- Segregated housing
- Unequal application of criminal justice
- Voter suppression
Instead of treatises on racial equity and handouts, what Black people in America need now is the implementation of laws that address these pillars of systemic racism.
American schools were legally desegregated in 1954 in a convulsion of conscience, the like of which has not been seen since then. Part of the desegregation law mandated busing (the practice of assigning and transporting students to schools within or outside their local school districts in an effort to reduce the racial segregation in schools). Nevertheless, American schools remain heavily segregated today. In 1974, the Supreme Court limited the power of federal courts to order integration across school district boundaries. In the late 1980s, busing was quietly dropped by the US Department of Justice.
The New York Times has reported that “school districts that predominantly serve students of colour received $23 billion less in funding than mostly white school districts in the United States in 2016, despite serving the same number of students.” On average, non-white school districts received $2,200 less per student than white school districts³. No amount of equity correction will erase this disadvantage that has been baked in from the start.
The excellent and enlightening book “The Colour of Law” by Richard Rothstein describes in sometimes intolerably painful detail how racial segregation has been built into the laws, policies and plans of the United States. Redlining limits access to services for residents of defined areas, based on race. Redlining in housing policies created black ghettos. The practice has been outlawed, but it is still very much in force and experienced daily by Black people. As a result, Blacks are exposed to poorer health services, fewer recreational facilities, higher crime, higher pollution, poorer employment opportunities, poorer schools and all the other disadvantages that arise from living in ghettos. CNN reports that “for nearly a decade, homes sold in mostly Black neighbourhoods have been undervalued by an average of $46,000, according to a Redfin analysis⁴”. Redfin is a real estate brokerage, which examined the valuations of over 73 million single-family homes listed and sold between January 2013 and February 2021. In Indianapolis this year, the valuation of a Black woman’s house increased by $100,000 when she removed Black family pictures and got a white man to pose as the owner⁵.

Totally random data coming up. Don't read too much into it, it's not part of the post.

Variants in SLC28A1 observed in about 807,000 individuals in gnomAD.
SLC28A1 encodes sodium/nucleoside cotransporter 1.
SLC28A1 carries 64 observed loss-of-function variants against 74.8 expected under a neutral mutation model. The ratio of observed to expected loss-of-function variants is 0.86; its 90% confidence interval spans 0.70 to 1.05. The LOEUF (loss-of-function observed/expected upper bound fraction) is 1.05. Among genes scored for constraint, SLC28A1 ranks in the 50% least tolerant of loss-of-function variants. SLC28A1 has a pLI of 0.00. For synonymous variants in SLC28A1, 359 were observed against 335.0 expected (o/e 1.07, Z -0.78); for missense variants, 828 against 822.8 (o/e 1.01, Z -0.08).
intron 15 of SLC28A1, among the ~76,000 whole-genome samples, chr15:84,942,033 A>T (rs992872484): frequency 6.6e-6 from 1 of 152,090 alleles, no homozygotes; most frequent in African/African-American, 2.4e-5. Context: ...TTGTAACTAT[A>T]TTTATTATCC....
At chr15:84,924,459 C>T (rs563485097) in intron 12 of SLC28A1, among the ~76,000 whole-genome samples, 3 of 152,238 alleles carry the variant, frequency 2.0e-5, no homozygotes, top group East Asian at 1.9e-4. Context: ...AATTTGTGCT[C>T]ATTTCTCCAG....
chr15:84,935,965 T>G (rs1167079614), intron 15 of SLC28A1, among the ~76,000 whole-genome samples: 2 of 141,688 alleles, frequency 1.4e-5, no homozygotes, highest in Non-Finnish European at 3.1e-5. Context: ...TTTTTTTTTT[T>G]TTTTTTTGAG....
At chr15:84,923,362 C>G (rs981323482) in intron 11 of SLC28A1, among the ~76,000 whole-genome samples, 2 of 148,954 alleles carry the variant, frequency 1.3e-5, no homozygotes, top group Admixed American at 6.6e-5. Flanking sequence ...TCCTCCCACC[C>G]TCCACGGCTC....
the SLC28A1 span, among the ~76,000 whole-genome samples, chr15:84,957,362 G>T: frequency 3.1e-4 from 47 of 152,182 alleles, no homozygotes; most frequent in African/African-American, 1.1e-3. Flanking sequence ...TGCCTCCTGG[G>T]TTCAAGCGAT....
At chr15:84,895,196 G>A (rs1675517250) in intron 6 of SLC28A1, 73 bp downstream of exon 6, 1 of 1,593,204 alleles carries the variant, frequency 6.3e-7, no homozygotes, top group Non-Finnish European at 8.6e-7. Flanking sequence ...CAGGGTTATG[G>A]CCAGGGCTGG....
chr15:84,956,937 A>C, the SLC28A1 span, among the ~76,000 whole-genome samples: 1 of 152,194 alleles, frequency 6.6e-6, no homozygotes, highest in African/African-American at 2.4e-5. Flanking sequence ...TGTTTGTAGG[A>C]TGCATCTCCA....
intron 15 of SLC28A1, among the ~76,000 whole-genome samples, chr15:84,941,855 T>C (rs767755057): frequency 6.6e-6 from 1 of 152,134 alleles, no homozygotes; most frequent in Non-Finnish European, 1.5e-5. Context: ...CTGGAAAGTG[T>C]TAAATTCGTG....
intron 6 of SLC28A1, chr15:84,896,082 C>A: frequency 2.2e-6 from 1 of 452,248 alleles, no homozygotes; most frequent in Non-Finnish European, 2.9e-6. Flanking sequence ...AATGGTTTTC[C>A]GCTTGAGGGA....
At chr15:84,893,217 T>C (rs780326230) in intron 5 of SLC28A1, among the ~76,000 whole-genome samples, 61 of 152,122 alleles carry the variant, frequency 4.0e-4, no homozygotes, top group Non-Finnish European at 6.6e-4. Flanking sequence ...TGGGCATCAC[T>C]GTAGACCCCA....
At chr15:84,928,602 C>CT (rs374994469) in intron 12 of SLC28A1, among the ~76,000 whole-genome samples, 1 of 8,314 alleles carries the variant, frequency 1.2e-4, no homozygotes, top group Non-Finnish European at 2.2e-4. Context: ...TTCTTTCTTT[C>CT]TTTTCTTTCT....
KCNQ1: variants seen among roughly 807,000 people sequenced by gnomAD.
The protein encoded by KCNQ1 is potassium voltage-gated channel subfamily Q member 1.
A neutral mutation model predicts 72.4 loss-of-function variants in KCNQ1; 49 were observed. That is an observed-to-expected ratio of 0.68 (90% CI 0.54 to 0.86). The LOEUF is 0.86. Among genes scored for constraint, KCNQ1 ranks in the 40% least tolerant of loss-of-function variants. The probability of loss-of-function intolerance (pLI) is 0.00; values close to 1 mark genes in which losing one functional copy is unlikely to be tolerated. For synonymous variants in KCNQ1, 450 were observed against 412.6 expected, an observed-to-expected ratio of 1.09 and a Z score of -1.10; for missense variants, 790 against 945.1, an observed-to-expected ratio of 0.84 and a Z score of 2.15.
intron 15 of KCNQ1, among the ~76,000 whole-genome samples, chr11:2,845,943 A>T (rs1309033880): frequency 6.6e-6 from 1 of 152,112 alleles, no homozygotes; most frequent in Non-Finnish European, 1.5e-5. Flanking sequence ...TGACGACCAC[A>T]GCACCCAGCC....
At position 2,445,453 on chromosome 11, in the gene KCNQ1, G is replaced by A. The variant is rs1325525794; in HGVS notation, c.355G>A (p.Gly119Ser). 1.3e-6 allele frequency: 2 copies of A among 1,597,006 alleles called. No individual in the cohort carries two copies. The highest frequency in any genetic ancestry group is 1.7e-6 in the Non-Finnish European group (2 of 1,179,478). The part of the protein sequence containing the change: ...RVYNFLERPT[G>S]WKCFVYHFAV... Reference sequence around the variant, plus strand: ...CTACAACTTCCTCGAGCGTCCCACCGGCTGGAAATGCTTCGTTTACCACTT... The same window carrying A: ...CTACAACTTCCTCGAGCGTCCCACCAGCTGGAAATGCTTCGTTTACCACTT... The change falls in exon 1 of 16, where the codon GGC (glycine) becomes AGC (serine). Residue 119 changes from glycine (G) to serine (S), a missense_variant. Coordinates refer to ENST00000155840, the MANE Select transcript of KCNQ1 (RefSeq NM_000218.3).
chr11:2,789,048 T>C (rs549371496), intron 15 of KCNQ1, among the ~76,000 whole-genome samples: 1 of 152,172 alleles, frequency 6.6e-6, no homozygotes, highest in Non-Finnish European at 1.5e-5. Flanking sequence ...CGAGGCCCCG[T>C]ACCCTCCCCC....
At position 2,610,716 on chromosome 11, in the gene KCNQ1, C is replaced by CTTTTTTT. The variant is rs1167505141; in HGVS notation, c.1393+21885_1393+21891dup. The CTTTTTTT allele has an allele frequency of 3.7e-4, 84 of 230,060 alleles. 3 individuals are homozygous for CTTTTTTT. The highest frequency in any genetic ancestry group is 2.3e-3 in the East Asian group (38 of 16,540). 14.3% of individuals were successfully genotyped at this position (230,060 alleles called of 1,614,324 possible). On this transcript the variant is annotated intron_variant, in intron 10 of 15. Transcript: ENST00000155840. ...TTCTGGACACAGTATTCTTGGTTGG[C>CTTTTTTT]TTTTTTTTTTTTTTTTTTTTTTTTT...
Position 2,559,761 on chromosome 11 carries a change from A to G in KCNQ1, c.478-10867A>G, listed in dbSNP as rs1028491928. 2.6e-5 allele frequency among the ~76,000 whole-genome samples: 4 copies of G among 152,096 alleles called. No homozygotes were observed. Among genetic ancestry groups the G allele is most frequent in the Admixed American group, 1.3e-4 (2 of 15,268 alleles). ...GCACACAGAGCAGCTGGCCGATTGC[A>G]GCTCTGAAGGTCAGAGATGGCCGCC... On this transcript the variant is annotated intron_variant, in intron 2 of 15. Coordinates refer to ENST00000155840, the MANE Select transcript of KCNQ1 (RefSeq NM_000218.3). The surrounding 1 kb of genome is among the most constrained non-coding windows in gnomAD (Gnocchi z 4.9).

In 1968, The Fair Housing Act was passed in response to Civil Rights protests. Because no one was complying and the Act was not being enforced, the Affirmatively Furthering Fair Housing Rule was passed in 2015. Neither the Act nor the Rule apply measurable consequences for non-compliance, nor do they prescribe any steps that need to be taken to achieve integration. Again, no amount of equity correction will erase this disadvantage that has been built into the American system.